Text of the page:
Friday, March 1, 2013
John 3:16 - Visions of The Hereafter: Visions of Heaven, Hell and Purgatory (2012)
Country: Geneva, Switzerland
Label: Alrealon Music
Earlier this year, I became aquainted with John 3:16 through his split with FluiD. The material on that split definitely was interesting and made me aware of the project, but I wouldn't say that I became a fan yet. When I was told about this new album, what I had expected would not have prepared me for this.
Obviously industrial music has taken many forms over the years, but post-rock has a sound that is pretty static (for better or worse). There are plenty of bands doing things with the genre, but the concept remains relatively the same in one band as it is with another. The combination of the two is not a new idea, although I'll admit that it certainly isn't a common one, it was not the route that I expected this project to take. The sound I heard on the split mentioned above certainly had material that was impressive, but when I put this album on for the first time I was shocked by not only how well it was performed and arranged, but also how interesting and memorable it proved to be. I found several melodies throughout the album to be quite beautiful and rather moving. It's the sort of album that really takes the best parts of both genres and crafts a new breed of the two that is unlike anything else out there. Obviously, the album can't be all shiny, shiny, pretty, pretty though, and there is the dark side. So it has to be said that both are taken on board and delivered with the same high level of quality.
The concept for the album is no doubt ambitious. Personally, I find that anyone who decides to make a concept about the nature of death, the afterlife, and the existence of God to be rather interesting, but bold as well. That boldness is also something that could an ambitious record into a pretentious one very easily, and god knows how many records I've heard where that's been the case. I think this is one of the albums that takes it to the height of its philosophical beliefs by remaining instrumental (which makes this record devoid of actual personal beliefs being spouted at you). I'm sure someone reading this will now be scratching their head and asking how an instrumental record can take these philosophical ideas to their natural heights, and the answer to that is that what it says in the song-titles, the music does. I mean, there are a couple of spoken word and chanted phrases in here, but the music embodies the various points of ascension and descent to a t on here because it is free of someone essentially telling you this grand concept. The album is essentially one long trek through the various realms of the afterlife, ever connected, yet entirely separate at the same time. The darkness of a track like The Inner Life of God/The Father, The Son and The Holy Spirit is immediately contrasted with the beauty of Through Fire and Through Water and it works because the emotion of the composer is transposed onto the music itself. It tells a story, and the story does not simply stop from one track to the next, but keeps going. When you finally hit that end point, it all just loops over again. The concept is forever, and truly never ends, but keeps turning, just as life itself is constantly moving. When one life ends, another will begin, and when this album ends, it will be replayed, over and over again.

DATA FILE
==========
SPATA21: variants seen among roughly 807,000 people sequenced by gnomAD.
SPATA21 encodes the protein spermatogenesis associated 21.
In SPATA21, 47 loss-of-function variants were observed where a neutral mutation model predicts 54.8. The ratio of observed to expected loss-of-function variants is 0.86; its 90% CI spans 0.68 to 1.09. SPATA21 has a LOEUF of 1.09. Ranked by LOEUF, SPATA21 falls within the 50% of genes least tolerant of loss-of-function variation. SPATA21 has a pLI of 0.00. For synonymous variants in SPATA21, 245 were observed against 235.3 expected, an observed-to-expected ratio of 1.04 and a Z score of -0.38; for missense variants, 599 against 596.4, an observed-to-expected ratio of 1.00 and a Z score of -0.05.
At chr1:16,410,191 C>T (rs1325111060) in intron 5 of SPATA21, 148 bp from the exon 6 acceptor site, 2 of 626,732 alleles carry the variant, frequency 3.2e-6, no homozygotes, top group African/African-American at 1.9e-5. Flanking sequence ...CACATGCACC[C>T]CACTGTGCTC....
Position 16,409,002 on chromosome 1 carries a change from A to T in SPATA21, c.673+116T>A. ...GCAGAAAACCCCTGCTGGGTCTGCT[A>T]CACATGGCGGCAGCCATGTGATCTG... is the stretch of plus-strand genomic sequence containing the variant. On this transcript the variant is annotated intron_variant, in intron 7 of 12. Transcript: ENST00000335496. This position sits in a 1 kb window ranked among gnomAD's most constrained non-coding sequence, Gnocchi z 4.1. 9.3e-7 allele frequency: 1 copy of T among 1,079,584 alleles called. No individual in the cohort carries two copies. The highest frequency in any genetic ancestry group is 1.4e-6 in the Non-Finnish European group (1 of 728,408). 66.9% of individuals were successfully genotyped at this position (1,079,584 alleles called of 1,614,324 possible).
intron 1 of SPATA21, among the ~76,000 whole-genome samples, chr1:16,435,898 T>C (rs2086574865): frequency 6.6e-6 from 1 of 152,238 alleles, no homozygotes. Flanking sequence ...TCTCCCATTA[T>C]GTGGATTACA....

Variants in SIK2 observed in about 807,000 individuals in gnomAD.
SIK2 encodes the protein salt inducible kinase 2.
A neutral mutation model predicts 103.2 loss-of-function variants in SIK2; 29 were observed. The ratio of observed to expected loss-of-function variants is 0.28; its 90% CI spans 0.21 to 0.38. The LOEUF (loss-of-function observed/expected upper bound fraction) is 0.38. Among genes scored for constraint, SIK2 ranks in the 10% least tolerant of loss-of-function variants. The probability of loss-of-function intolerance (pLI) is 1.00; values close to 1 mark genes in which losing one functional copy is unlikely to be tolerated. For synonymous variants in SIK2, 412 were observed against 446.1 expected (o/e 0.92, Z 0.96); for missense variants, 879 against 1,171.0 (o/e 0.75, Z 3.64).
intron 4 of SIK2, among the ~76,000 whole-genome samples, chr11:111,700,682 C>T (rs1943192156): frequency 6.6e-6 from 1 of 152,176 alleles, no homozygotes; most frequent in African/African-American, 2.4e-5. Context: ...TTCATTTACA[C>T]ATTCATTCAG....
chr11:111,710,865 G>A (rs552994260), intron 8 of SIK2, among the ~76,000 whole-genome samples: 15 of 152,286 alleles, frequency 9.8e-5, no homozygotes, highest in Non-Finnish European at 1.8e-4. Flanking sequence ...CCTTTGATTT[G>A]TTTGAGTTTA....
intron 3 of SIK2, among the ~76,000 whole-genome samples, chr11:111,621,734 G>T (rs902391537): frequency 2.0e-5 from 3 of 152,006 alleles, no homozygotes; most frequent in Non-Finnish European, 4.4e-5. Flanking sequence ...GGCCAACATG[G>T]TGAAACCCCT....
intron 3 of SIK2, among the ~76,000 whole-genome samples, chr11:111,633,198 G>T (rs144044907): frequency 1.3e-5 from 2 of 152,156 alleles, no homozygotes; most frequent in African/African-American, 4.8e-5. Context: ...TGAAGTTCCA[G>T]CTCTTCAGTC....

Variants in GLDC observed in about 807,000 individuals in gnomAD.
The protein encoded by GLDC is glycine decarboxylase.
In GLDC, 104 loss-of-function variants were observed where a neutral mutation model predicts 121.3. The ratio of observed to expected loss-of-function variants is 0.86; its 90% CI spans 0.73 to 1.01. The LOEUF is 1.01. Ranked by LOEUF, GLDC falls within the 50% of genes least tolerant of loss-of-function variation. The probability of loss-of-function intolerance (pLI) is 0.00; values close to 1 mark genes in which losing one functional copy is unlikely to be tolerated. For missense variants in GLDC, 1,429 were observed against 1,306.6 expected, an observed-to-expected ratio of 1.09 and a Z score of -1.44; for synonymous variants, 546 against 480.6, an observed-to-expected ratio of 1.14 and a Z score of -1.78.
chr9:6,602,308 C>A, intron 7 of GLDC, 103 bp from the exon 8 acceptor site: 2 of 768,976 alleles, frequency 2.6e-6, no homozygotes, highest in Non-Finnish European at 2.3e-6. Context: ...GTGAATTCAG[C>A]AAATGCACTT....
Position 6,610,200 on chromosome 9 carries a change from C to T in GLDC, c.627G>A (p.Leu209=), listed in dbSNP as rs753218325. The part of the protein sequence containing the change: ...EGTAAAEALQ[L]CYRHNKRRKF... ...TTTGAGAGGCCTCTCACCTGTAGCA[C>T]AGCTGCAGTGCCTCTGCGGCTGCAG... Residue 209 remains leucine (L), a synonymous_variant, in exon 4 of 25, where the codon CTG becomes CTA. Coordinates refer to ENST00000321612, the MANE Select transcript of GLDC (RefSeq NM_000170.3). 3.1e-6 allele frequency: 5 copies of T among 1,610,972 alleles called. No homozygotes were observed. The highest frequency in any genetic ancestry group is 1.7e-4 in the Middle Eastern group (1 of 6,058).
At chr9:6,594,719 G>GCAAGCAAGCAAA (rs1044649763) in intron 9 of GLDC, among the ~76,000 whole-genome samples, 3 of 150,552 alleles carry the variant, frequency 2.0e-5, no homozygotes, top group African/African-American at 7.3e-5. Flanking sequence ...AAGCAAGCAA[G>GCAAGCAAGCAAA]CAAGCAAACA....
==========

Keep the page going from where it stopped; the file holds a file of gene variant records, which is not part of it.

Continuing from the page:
This was a fantastic piece of work and an album that really surprised me. Nothing I would have imagined John 3:16 doing could have measured up to the heights that this album actually managed to. It's a great piece of work and if you're a fan of experimental music or post-rock, I highly urge you to check this out.
Overall Score: 9.5
Highlights: Every Track Is A Highlight